Others would be prepared to credit Mary for her obedience and admire her for her faith, but only in the same way that we admire those other figures in the Bible who showed obedience and faith. Mary herself, they think, has nothing more to offer us now. Our concern, they argue, is not with Mary, who is just another human being no different to us. What matters now is hearing the Word of God and keeping it. What they forget, of course, is that the incarnation took place precisely because Mary heard the Word of God and kept it. Mary is blessed for her faith and obedience, and not only for her womb and breasts.
What is more, if Mary has no further relevance to us now, what we have just read in our Gospel reading this morning seems a bit strange. St John tells us that as Jesus is dying, the last words he speaks directly to anyone are to his mother and about his mother. As Jesus hangs on the Cross, seeing the Beloved Disciple and his mother standing nearby, Jesus says to his mother: ‘Woman, here is your son.’ And then to the disciple, ‘Here is your mother.’ (John 19:27)
Many are resistant to seeing anything in this other than an understandable, but purely human concern, of a son for the welfare of his mother. But is it really so simple? Has the Blessed Virgin Mary got no further part to play apart from being the one who bore and raised God’s Son? Many sincere believers are convinced that this is her only role she and that there is certainly now no ongoing role for Mary in the life of the Church and the individual believer.
Today, the last thing the Blessed Virgin Mary would want is for us to have an argument about her and her role. But St John’s Gospel, of all the four Gospels, is a Gospel with many layers of meaning, and St John loves to use symbolism to convey truth. It is legitimate to ask about whether there is a deeper meaning to Jesus’ words than Jesus simply wanting to find somewhere for his mother to live when he has gone.
After all, Jesus did have four brothers and some sisters (Mark 6:3), so if it’s his mother’s physical welfare Jesus is concerned about, you would think he would entrust her to them. Instead, Jesus entrusts his mother, not to any physical relative, but to the Beloved Disciple, who, we are told, from that hour took her into his own home (John 19:27). The Cross is Jesus’ hour (John 12:27). It is what he came for. His hour is also the time when his family, the Church, begins to come together as his Beloved Disciple and his mother live with one another.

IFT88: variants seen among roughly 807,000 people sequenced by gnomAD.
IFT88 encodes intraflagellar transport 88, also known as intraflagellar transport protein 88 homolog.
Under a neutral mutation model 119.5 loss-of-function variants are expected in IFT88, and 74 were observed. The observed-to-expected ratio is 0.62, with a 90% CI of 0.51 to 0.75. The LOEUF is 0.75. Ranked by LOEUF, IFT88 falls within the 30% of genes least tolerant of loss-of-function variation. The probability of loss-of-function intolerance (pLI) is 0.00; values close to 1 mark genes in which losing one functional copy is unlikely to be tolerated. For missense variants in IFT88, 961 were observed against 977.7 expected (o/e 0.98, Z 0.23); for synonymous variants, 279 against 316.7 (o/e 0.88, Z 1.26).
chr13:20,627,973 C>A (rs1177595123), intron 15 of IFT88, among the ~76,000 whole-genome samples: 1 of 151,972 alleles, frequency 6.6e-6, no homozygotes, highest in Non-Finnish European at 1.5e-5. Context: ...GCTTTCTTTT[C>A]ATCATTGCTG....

There are two traditions about what happened next. The first is that the Apostle John and the Blessed Virgin Mary stayed in Jerusalem and that the Blessed Virgin Mary lived another 11 years until the end of her earthly life. The second is that she went with the Apostle John, who is identified as the Beloved Disciple, to Ephesus. I personally incline to the Ephesus tradition, but it is impossible to be sure.
Regardless of whether they stayed in Jerusalem or went to Ephesus, in any culture, but particularly the culture of the time, that it was not a family member who looked after Jesus’ mother after his death would seem a bit odd. Why the Beloved Disciple?
In St John’s Gospel, the Beloved Disciple is both one of Jesus’ disciples and someone who is representative of all those who hear the Word of God and keep it. He is one of those that Jesus describes as his ‘mother and brother’. The first mention of the beloved Disciple is at the Last Supper. In most of our translations the Beloved Disciple is described as reclining next to Jesus at the Meal (John 13:23-25). Reclining was the normal posture at a formal meal. The translations, however, are all being a little coy when they translate it as ‘reclining next to Jesus’ or ‘by Jesus’ side’. A more literal translation has:
‘There was reclining on Jesus’ bosom one of His disciples, whom Jesus loved.’ (John 13:23 NASB)